By Kay S. Hymowitz, a senior fellow at the Manhattan Institute and a contributing editor at City Journal, is the author of “Marriage and Caste in America: Separate and Unequal Families in a Post-Marital Age.”
The last few weeks have brought an unusual convergence of voices from both the center and the left about a topic that is typically part of conservative rhetorical territory: poverty and single-parent families. Just as some conservatives have started talking seriously about rising inequality and stagnant incomes, some liberals have finally begun to admit that our stubbornly high rates of poverty and social and economic immobility are closely entwined with the rise of single motherhood.
But that’s where agreement ends. Consistent with its belief in self-sufficiency, the right wants to see more married-couple families. For the left, widespread single motherhood is a fact of modern life that has to be met with vigorously expanded government support. Liberals point out, correctly, that poverty rates for single-parent households are lower in most other advanced economies, where the welfare state is more generous.
That argument ignores a troubling truth: Single-parent families are not the same in the United States as elsewhere. Simply put, unmarried parents here are more likely to enter into parenthood in ways guaranteed to create turmoil in their children’s lives. The typical American single mother is younger than her counterpart in other developed nations. She is also more likely to live in a community where single motherhood is the norm rather than an alternative life choice.
The sociologist Kathryn Edinhasshown that unlike their more educated peers, these younger, low-income women tend to stop using contraception several weeks or months after starting a sexual relationship. The pregnancy — not lasting affection and mutual decision-making — that often follows is the impetus for announcing that they are a couple. Unsurprisingly, by the time the thrill of sleepless nights and colicky days has worn off, two relative strangers who have drifted into becoming parents together notice they’re just not that into each other. Hence, the high breakup rates among low-income couples: Only a third of unmarried parents are still together by the time their children reach age 5.
Also complicating low-income single parenthood in America is what the experts call “multipartner fertility.”Both divorced and never-married Americans are more likely to repartner and start “second families” than Europeans, but the trend is far more common among unmarried parents. According to data from the Fragile Families and Child Wellbeing Study at Princeton and Columbia Universities, over 60 percent of low-income babies will have at least one half sibling when they are born; by the time they are 5, the proportion will have climbed to over 70 percent.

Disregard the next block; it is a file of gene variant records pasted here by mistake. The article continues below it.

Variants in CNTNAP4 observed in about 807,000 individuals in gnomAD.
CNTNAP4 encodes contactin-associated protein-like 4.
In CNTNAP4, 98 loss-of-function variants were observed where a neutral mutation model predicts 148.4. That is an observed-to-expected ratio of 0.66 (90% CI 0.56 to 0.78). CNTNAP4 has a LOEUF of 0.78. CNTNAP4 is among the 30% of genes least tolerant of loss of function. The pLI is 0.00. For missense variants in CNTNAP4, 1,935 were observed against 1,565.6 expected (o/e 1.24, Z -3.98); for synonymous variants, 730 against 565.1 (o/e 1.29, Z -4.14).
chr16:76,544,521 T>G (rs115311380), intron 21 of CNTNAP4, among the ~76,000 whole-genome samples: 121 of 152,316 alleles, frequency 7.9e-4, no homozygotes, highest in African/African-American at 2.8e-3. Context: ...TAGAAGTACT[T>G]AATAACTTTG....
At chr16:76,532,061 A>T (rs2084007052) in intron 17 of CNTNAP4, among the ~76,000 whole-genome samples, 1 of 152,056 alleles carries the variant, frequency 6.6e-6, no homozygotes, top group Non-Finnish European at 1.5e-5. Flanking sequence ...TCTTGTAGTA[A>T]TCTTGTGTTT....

All of this would be of merely passing interest if it weren’t for the evidence that this kind of domestic churn is really bad news for kids. The more “transitions” experienced by a child — the arrival of a stepparent, a parental boyfriend or girlfriend, or a step- or half sibling — the more children are likely to have either emotional or academic problems, or both. (My own researchindicates that boys, especially, suffer from these transitions.)
Part of the problem is that a nonresident father tends to fade out of his children’s lives if there’s a new man in his ex’s house or if he has children with a new partner. For logistical, emotional and financial reasons, his loyalty to his previous children slackens once he has a child with a new girlfriend or wife. Nor is it likely, from the overlooked child’s point of view, that a mother’s new boyfriend or husband can fill the gap. There’s substantial research showing that stepfathers are sometimes worse than none at all.
These realities help explain the meagerresults of government marriage promotion programs. It doesn’t make much sense to encourage, much less pressure, a couple with no shared history, interests or deep affection to marry. At any rate, given the prevalence of multipartner fertility it’s not clear, as one scholar asked in a paper, “who should marry whom.”
But those same realities raise serious doubts about the accept-and-prop-up response to single-parent families. Increasing government largess could actually incentivize, or at least enable, parental choices that everyone admits are damaging to kids. The United States aside, scholars have found a connection between the size of a welfare state and rates of both nonmarital births and divorce. Even if you believe that enlarging the infrastructure of support for single-parent families shows compassion for today’s children, it’s not at all obvious that it shows much concern for tomorrow’s.
Most surprising, given the likely feminist sympathies of liberal advocates for single mothers, is their fatalism toward men. While it’s a safe bet that most in this camp wouldn’t hesitate to scold married “bastards on the couch” for not pulling their weight at home, they seem more than willing to write off unmarried fathers. Not only does this merely accept the personal loss suffered by millions of children living without their fathers; it also virtually guarantees a permanent gender gap — single mothers are inevitably competing in the labor market with one hand tied behind their backs — and entrenched inequality.
So where does that leave us, policy-wise?
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